My whole point stopped at "joking about their font choice isn't necessarily prejudicial". The comments he made about the "pervs" are strong evidence supporting the case against him. Being flippant about Arial - in isolation - isn't.
If you're seriously equating race (and the reasons it's a protected class distinguisher) from choice of programming languages, you're fucked in the head. It's not even a matter of degree: they're totally different.
In most US states, you can fire someone for any non-protected reason. Don't like their shirt color? Best of luck with the job hunt! Joking about someone's technology decisions is in no way discriminatory in the same way that joking about someone's race would be.
If you're making jokes about your hiring practices -- particularly after you just did not hire somebody -- you're setting yourself up for a lawsuit.
By the books: of course you're right.
By reality: I'm walking to coffee with my coworker and saying outside the earshot of anyone else. People tell inappropriate jokes under these circumstances. And often times those jokes are self-deprecating, like "ewww, she went to a state school" (just like I did) or "what kind of nerd wears [same kind of glasses he and I both have]?" They're jokes, they're intended as jokes, and everyone does this.
This topic is a good example. How do we know he was joking? Maybe he was, maybe he wasn't. But somebody could claim he wasn't joking, and maybe even convince a judge or jury.
There's a time and place for everything. Laughing with a close coworker about something you both understand is not meant seriously is a world apart from shouting it from your Facebook timeline. The former is clearly OK, but the latter is an obvious lapse of, well, judgement.
This would seem to indicate that it's a personal bias, and not some kind of technical requirement.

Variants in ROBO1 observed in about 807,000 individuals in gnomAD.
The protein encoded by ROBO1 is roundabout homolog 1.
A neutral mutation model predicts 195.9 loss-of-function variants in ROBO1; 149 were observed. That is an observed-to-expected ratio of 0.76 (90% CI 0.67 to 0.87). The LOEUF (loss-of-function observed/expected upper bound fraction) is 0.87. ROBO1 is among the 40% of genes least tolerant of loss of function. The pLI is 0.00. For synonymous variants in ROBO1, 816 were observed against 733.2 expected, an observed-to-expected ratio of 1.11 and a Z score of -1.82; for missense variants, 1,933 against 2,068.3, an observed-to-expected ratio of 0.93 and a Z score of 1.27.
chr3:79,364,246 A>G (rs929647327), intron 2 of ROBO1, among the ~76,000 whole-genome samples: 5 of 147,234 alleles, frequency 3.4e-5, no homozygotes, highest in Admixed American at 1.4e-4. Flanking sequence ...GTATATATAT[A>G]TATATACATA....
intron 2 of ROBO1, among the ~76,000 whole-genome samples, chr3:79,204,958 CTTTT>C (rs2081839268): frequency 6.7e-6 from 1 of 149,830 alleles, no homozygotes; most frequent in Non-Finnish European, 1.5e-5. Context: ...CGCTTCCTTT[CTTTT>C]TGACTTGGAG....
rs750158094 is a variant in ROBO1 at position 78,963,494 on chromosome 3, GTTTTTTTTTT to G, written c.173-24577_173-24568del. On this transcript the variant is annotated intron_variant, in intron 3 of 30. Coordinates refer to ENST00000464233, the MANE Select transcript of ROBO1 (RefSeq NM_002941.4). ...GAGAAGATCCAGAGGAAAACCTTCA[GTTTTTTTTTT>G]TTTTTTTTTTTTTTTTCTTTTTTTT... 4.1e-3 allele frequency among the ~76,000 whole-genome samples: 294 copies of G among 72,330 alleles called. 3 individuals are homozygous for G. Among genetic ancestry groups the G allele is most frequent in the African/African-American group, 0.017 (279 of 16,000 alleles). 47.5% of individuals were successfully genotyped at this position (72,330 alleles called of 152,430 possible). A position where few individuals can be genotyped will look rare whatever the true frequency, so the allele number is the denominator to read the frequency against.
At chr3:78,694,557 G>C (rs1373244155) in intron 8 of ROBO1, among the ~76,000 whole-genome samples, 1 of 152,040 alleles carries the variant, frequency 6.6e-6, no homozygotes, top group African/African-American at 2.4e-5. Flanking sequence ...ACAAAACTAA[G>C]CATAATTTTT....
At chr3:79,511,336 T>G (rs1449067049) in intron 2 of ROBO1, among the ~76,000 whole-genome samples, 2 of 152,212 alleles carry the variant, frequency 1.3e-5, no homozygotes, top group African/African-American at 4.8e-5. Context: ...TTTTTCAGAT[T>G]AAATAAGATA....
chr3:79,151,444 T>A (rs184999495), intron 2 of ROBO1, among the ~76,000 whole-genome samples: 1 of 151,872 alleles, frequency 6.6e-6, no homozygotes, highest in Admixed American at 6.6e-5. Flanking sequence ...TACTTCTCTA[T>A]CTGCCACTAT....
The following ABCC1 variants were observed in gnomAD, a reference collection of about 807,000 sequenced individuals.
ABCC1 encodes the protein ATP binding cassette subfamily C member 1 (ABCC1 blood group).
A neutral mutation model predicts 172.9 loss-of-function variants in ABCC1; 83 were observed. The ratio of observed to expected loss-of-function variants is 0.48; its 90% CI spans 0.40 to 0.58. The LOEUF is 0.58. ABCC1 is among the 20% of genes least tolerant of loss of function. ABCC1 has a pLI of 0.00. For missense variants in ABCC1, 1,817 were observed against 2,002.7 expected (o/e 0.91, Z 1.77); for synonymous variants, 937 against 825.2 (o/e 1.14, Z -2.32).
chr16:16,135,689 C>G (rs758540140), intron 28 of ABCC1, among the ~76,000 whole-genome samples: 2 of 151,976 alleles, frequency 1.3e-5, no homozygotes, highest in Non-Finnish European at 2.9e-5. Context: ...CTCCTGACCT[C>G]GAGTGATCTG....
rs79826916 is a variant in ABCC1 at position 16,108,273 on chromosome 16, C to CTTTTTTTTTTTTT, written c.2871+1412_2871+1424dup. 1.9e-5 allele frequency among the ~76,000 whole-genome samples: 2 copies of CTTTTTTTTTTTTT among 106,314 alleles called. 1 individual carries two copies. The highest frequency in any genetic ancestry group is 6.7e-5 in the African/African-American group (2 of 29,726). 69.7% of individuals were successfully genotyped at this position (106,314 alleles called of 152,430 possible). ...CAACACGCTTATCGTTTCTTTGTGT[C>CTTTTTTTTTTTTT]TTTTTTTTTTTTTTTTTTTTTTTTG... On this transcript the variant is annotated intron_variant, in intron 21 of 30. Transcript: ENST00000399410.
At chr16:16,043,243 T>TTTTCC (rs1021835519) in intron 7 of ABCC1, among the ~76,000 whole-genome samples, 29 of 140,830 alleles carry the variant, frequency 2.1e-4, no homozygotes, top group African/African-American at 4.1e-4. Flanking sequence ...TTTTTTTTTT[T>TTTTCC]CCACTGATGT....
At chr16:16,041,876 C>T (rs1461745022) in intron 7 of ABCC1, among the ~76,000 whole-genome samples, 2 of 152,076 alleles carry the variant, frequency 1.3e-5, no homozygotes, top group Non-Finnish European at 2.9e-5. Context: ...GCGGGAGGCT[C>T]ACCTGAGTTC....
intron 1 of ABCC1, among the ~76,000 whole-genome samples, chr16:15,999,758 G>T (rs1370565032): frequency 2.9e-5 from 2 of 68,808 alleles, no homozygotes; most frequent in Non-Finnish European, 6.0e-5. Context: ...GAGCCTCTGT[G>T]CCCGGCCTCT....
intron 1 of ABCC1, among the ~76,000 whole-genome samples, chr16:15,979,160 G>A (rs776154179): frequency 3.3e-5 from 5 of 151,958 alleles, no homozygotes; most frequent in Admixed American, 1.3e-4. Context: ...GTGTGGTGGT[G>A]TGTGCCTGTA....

Maybe, maybe not. It was certainly unprofessional; I won't argue that. But it's also the kind of thing I might say as a joke to a friend afterward without attaching any real meaning to it at all.
Suppose I interview an engineer and it goes badly. We have an up-or-down vote after his series of interviews and decide not to hire him. At that point, I could see telling jokes like "...and I'd never hire someone with Perl on their resume, anyway." We'd all laugh and move on to the next person. In fact, though, if the candidate was good then it would never come up again. It absolutely would *not* prevent us from hiring someone and wouldn't even remotely be a weighted factor.
I suspect it was a similar throwaway comment that didn't actually reflect the judge's true feeling, but was meant as something his coworkers would find amusing (even as they understood it was utterly lighthearted). It was obviously a bad idea to joke about it somewhere as public as Facebook, but doubt that it truly reflected any personal biases.
The problem with that is that adding a conditional ("IF citizen meets these extra criteria, THEN enact loophole-ending routine number 23") doubles the number of code paths through the law (or function definition). Now there are two potential loophole conditions that have to be accounted for.
Electing political science majors has fucked us. We desperately need programmers, mathematicians, and philosophers in Congress.
Illegality has traditionally been an effective deterrent against cracking and disassembly.